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Friday, October 21, 2011

CentOS 5.6 + Windows 2003 R1 Active Directory authentication with LDAP

I wanted to share another small recipe on how to setup CentOS 5.6 to authenticate Linux users against Windows 2003 Server (Not R2). However this time with LDAP instead of Samba.

The main reasons why you would like to use LDAP instead of Samba/Winbind:
- You do not need Microsoft Client Access Licences (CALs). At least it is not checked :)
- No need to use Samba (if you do not like for a reason or another).

Active Directory server preparation

AD server needs some preparation before it can be used in this setup. You need to have Windows 2008 R2 CD/DVD around for some steps.
  1. Run adprep /forestprep from the Windows 2008 R2 disc.
  2. Run adprep /domainprep from the Windows 2008 R2 disc.
  3. Install Remote Server Administration Tools for Windows 7 with Service Pack 1 aka RSAT. You need to install ADUC (Active Directory Users And Computers) ie. AD DS + AD LDS Tools and GPMC (Group Policy Management Console) parts of it. RSAT can be found here.
  4. Edit with the tools you just installed each AD user that you need available in unix and make sure they have following parameters set:
    • uidNumber (some id number which is free in unix, e.g. 1000)
    • uid (userid: e.g. hkroger)
    • gidNumber (the id of the user's main group, e.g. 1000)
    • loginShell (e.g. /bin/bash)
    • unixHomeDirectory (e.g. /home/hkroger)
    • sAMAccountName (userid: e.g. hkroger)
  5. Every group should have:
    • gidNumber (the numeric id of the group, e.g. 1000)
  6. Create a new user called unixauth with some password. This will be used for LDAP connection itself.

Setup LDAP

Let's install necessary packages and setup basic auth config setup:
# yum install nss_ldap openldap-clients pam_ccreds -y
# authconfig --enableldap --enableldapauth --ldapserver=
--ldapbasedn="DC=mycompany,DC=local" --disablesmbauth --disablewinbind --disablewinbindauth
--disablewins --enablepreferdns --enablecache --enablemkhomedir --kickstart --update

Then let's create a new /etc/ldap.conf file
cat <<EOF > /etc/ldap.conf
uri ldap://
ldap_version 3
binddn unixauth@MYCOMPANY.LOCAL
bindpw myunixauthuserpassword
ssl off
scope sub

nss_base_passwd DC=MYCOMPANY,DC=LOCAL?sub?&(objectClass=user)(uidNumber=*)
nss_base_shadow DC=MYCOMPANY,DC=LOCAL?sub?&(objectClass=user)(uidNumber=*)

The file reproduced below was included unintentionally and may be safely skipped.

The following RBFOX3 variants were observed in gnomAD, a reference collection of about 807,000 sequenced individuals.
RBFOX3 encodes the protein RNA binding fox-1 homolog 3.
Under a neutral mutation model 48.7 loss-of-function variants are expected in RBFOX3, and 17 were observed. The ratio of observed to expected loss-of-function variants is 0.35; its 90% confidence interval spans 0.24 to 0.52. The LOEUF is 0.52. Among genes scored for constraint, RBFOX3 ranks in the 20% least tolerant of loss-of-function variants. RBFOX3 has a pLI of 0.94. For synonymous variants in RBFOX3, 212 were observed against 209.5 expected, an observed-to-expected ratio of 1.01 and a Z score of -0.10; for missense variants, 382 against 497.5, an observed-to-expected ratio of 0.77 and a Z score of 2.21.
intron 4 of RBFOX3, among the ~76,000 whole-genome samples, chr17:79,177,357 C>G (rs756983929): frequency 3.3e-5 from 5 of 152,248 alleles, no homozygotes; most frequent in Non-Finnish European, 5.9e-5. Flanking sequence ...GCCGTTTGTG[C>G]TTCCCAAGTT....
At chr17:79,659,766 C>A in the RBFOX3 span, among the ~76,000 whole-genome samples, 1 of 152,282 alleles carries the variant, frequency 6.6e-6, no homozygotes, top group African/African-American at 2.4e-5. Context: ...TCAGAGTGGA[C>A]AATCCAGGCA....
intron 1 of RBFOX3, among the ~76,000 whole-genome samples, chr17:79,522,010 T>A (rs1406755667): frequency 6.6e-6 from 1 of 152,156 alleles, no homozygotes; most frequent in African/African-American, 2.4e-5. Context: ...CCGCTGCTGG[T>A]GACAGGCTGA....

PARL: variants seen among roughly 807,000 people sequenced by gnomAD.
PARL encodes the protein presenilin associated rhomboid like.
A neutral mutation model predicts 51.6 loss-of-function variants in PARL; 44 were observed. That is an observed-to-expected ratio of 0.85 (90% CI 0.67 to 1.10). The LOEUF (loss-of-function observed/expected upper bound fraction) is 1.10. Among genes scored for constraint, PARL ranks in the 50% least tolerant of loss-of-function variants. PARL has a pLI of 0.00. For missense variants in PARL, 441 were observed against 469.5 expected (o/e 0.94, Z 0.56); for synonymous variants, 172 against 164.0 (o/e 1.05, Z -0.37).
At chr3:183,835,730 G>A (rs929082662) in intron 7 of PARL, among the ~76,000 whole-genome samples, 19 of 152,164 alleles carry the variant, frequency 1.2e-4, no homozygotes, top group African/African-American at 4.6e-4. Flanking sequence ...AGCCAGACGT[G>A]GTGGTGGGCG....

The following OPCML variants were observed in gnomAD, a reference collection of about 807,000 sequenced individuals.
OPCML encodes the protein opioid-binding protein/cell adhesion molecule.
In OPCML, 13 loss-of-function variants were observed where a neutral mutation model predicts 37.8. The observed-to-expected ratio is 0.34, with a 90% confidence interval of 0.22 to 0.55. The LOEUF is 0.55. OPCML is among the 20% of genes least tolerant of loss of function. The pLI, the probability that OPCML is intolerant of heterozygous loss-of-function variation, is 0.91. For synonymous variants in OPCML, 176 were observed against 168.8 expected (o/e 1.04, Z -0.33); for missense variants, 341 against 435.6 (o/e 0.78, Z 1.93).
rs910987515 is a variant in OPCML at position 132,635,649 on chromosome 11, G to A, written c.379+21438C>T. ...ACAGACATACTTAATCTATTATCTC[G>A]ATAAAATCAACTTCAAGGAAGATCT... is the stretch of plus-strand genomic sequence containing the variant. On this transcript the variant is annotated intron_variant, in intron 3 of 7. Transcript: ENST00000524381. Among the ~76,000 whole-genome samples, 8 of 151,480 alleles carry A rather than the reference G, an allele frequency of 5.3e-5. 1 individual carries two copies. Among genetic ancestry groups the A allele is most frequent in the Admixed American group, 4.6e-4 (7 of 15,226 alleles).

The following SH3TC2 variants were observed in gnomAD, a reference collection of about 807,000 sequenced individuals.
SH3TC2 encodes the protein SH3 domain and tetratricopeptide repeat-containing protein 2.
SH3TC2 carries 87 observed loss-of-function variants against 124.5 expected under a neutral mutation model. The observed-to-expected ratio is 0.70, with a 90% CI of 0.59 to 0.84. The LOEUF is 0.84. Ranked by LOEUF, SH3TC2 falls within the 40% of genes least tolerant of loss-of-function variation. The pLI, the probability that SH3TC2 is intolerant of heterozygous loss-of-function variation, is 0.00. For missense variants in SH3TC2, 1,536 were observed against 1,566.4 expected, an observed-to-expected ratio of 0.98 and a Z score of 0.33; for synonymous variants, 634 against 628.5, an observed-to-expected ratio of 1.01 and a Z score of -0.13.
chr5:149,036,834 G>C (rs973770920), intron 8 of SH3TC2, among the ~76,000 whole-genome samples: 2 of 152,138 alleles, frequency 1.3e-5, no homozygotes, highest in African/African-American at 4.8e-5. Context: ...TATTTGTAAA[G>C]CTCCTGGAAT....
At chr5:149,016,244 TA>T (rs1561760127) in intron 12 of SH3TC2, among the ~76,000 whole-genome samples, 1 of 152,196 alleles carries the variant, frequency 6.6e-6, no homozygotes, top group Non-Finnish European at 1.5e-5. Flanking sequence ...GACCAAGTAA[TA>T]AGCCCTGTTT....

nss_base_group DC=MYCOMPANY,DC=LOCAL?sub?&(objectClass=group)(gidnumber=*)

nss_map_objectclass posixAccount user
nss_map_objectclass shadowAccount user
nss_map_objectclass posixGroup group

nss_map_attribute gecos sAMAccountName
nss_map_attribute homeDirectory unixHomeDirectory
nss_map_attribute shadowExpire accountExpires
nss_map_attribute shadowLastChange pwdLastSet
nss_map_attribute uniqueMember member

timelimit 5
bind_timelimit 5
idle_timelimit 5
bind_policy hard
nss_reconnect_tries 1
nss_reconnect_sleeptime 1
nss_reconnect_maxsleeptime 8
nss_reconnect_maxconntries 2

nss_initgroups_ignoreusers root,ldap,named,avahi,haldaemon,dbus,radvd,tomcat,radiusd,news,mailman,nscd,gdm
tls_cacertdir /etc/openldap/cacerts
pam_password ad
debug 0

If you want to make a special group of users also sudoes you can enable a group in sudoers file like this. In our example the group is called unix_admin:
grep -q unix_admin /etc/sudoers || echo %unix_admin ALL=\(ALL\) ALL >> /etc/sudoers

Next we need to tweak system authentication files so that LDAP is actually used:
cat <<EOF > /etc/pam.d/system-auth
auth required pam_env.so
auth sufficient pam_unix.so nullok try_first_pass
auth requisite pam_succeed_if.so uid >= 500 quiet
auth [authinfo_unavail=ignore success=1 default=2] pam_ldap.so use_first_pass
auth [default=done default=die] pam_ccreds.so action=validate use_first_pass
auth [default=done] pam_ccreds.so action=store
auth [default=bad] pam_ccreds.so action=update
auth required pam_deny.so

account required pam_unix.so broken_shadow
account sufficient pam_localuser.so
account sufficient pam_succeed_if.so uid < 500 quiet
#account [default=bad success=ok user_unknown=ignore] pam_ldap.so
account [authinfo_unavail=ignore default=bad success=ok user_unknown=ignore] pam_ldap.so
account required pam_permit.so

password requisite pam_cracklib.so try_first_pass retry=3
password sufficient pam_unix.so md5 shadow nullok try_first_pass use_authtok
password sufficient pam_ldap.so use_authtok
password required pam_deny.so

session optional pam_keyinit.so revoke
session required pam_limits.so
session optional pam_mkhomedir.so
session [success=1 default=ignore] pam_succeed_if.so service in crond quiet use_uid
session required pam_unix.so
session optional pam_ldap.so

sed -i -e 's/^passwd:.*/passwd: files ldap [NOTFOUND=return]/g' /etc/nsswitch.conf
sed -i -e 's/^shadow:.*/shadow: files ldap/g' /etc/nsswitch.conf
sed -i -e 's/^group:.*/group: files ldap [NOTFOUND=return]/g' /etc/nsswitch.conf

And finally we configure the caching daemon to keep data for 7 days and then restart it. The great idea here is that if there is no connection between your server and the AD server, you can still login onto your server:
sed -i /etc/nscd.conf -e 's/^.*positive-time-to-live.*passwd.*/ positive-time-to-live passwd 604800/g'
sed -i /etc/nscd.conf -e 's/^.*positive-time-to-live.*group.*/ positive-time-to-live group 604800/g'
sed -i /etc/nscd.conf -e 's/.*reload-count.*/ reload-count unlimited/g'

/etc/init.d/nscd restart

And that's it! You should be now able to login onto your CentOS server with your Windows AD account.

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